WASHINGTON — The United States has joined 12 other nations to support policies that enable agricultural innovation, including genome editing.
U.S. Secretary of Agriculture Sonny Perdue announced Nov. 2 that the International Statement on Agricultural Applications of Precision Biotechnology was released in Geneva at the World Trade Organization (WTO) Committee on the Application of Sanitary and Phytosanitary Measures.
The underlying objective is to coordinate efforts to ensure that the regulatory approaches for these techniques, which include gene editing, are “scientifically based and internationally harmonized.”
“Precision biotechnologies such as genome editing hold great promise for both farmers and consumers around the world,” said Perdue.
“Unfortunately, such technologies too often face regulatory roadblocks that are based on misinformation and political posturing. Therefore, it’s gratifying to see Argentina and other allies come together under the WTO umbrella to publicly embrace science-based regulatory systems that will allow us to unlock the huge potential of these new technologies.”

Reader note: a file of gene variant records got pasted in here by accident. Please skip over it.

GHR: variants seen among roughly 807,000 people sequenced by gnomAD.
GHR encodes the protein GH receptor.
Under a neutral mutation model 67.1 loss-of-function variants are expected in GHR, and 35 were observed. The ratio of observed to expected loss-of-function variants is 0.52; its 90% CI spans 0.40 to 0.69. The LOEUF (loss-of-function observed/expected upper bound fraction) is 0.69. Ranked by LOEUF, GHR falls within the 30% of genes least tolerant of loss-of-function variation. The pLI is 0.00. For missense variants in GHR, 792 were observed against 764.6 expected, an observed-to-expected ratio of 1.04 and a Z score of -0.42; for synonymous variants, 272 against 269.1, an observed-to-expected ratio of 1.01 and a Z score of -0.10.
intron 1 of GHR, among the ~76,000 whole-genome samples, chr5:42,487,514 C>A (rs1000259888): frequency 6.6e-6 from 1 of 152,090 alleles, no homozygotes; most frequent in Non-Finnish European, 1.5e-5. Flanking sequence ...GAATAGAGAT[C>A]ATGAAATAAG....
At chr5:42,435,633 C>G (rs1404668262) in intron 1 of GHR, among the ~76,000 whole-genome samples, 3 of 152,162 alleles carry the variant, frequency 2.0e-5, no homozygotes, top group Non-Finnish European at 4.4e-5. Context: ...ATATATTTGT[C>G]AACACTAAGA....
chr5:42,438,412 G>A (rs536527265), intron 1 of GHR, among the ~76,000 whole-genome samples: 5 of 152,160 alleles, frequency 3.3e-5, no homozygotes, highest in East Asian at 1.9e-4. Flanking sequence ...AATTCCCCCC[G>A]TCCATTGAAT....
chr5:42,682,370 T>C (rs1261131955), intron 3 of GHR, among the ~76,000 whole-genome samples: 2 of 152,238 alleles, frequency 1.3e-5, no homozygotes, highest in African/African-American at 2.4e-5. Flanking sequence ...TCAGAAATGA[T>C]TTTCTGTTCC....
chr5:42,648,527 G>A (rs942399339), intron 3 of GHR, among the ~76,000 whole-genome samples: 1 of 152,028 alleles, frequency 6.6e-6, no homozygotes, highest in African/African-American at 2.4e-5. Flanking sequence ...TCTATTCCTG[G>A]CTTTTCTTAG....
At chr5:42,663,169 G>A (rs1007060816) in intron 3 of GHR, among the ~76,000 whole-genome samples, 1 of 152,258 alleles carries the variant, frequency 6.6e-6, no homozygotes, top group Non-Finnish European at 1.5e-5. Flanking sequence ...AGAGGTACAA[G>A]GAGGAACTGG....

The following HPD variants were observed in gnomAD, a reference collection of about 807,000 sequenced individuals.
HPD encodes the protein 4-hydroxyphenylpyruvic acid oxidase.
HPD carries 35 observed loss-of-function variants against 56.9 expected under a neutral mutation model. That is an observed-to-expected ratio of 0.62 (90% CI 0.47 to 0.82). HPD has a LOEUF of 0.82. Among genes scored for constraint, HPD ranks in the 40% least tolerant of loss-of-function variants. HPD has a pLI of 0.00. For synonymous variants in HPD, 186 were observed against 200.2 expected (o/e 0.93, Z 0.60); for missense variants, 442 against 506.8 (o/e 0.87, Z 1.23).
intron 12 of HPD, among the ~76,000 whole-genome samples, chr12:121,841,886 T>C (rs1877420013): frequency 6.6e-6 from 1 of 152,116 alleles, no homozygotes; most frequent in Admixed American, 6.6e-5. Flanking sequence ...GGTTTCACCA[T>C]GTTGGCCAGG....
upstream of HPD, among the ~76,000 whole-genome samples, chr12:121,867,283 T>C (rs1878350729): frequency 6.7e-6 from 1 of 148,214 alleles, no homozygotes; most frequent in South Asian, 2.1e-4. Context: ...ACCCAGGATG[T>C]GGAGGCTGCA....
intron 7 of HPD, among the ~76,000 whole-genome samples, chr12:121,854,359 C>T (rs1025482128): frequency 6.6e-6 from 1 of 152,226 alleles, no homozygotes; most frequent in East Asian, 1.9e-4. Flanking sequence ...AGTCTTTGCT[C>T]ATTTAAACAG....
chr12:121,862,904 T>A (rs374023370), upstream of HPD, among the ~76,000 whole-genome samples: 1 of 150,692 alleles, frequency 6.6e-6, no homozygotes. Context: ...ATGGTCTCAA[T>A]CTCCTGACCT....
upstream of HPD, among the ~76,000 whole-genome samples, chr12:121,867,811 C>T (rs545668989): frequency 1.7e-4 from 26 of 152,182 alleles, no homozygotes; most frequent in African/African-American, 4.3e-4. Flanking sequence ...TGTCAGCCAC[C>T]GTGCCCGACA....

Countries and organizations supporting the statement, to date, are: Argentina, which led this effort, as well as Australia, Brazil, Canada, Colombia, the Dominican Republic, Guatemala, Honduras, Jordan, Paraguay, the United States, Uruguay, Vietnam and the Secretariat of the Economic Community of West African States.
Here is the text of the joint statement, which is being updated as additional countries sign on.
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